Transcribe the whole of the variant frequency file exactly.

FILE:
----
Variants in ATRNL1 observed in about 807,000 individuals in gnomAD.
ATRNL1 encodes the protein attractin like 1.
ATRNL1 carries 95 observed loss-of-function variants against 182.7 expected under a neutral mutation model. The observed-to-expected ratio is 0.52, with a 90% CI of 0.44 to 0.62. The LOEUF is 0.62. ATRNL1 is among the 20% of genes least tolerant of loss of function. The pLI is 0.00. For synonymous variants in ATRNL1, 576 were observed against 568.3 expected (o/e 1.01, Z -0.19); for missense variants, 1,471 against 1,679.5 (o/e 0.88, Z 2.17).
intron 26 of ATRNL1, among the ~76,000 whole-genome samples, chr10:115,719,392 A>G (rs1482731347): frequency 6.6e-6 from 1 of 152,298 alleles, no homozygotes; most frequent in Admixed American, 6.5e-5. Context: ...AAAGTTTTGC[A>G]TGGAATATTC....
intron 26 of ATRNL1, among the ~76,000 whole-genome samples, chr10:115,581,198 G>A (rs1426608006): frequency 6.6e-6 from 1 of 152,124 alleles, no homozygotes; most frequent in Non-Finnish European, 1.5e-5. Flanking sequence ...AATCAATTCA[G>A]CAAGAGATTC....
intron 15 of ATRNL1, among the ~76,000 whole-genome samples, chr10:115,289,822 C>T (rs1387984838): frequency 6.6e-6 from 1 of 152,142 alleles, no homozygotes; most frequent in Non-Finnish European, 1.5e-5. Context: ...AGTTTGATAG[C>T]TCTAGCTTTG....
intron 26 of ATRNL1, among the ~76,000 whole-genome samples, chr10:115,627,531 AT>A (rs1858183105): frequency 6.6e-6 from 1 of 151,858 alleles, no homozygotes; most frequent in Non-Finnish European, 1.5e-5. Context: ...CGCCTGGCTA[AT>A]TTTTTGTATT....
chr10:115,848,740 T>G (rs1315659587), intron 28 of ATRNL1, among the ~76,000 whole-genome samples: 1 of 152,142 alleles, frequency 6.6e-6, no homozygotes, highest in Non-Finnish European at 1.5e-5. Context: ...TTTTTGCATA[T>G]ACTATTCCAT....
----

Variants in ATRNL1 observed in about 807,000 individuals in gnomAD.
ATRNL1 encodes the protein attractin like 1.
ATRNL1 carries 95 observed loss-of-function variants against 182.7 expected under a neutral mutation model. The observed-to-expected ratio is 0.52, with a 90% CI of 0.44 to 0.62. The LOEUF is 0.62. ATRNL1 is among the 20% of genes least tolerant of loss of function. The pLI is 0.00. For synonymous variants in ATRNL1, 576 were observed against 568.3 expected (o/e 1.01, Z -0.19); for missense variants, 1,471 against 1,679.5 (o/e 0.88, Z 2.17).
intron 26 of ATRNL1, among the ~76,000 whole-genome samples, chr10:115,719,392 A>G (rs1482731347): frequency 6.6e-6 from 1 of 152,298 alleles, no homozygotes; most frequent in Admixed American, 6.5e-5. Context: ...AAAGTTTTGC[A>G]TGGAATATTC....
intron 26 of ATRNL1, among the ~76,000 whole-genome samples, chr10:115,581,198 G>A (rs1426608006): frequency 6.6e-6 from 1 of 152,124 alleles, no homozygotes; most frequent in Non-Finnish European, 1.5e-5. Flanking sequence ...AATCAATTCA[G>A]CAAGAGATTC....
intron 15 of ATRNL1, among the ~76,000 whole-genome samples, chr10:115,289,822 C>T (rs1387984838): frequency 6.6e-6 from 1 of 152,142 alleles, no homozygotes; most frequent in Non-Finnish European, 1.5e-5. Context: ...AGTTTGATAG[C>T]TCTAGCTTTG....
intron 26 of ATRNL1, among the ~76,000 whole-genome samples, chr10:115,627,531 AT>A (rs1858183105): frequency 6.6e-6 from 1 of 151,858 alleles, no homozygotes; most frequent in Non-Finnish European, 1.5e-5. Context: ...CGCCTGGCTA[AT>A]TTTTTGTATT....
chr10:115,848,740 T>G (rs1315659587), intron 28 of ATRNL1, among the ~76,000 whole-genome samples: 1 of 152,142 alleles, frequency 6.6e-6, no homozygotes, highest in Non-Finnish European at 1.5e-5. Context: ...TTTTTGCATA[T>G]ACTATTCCAT....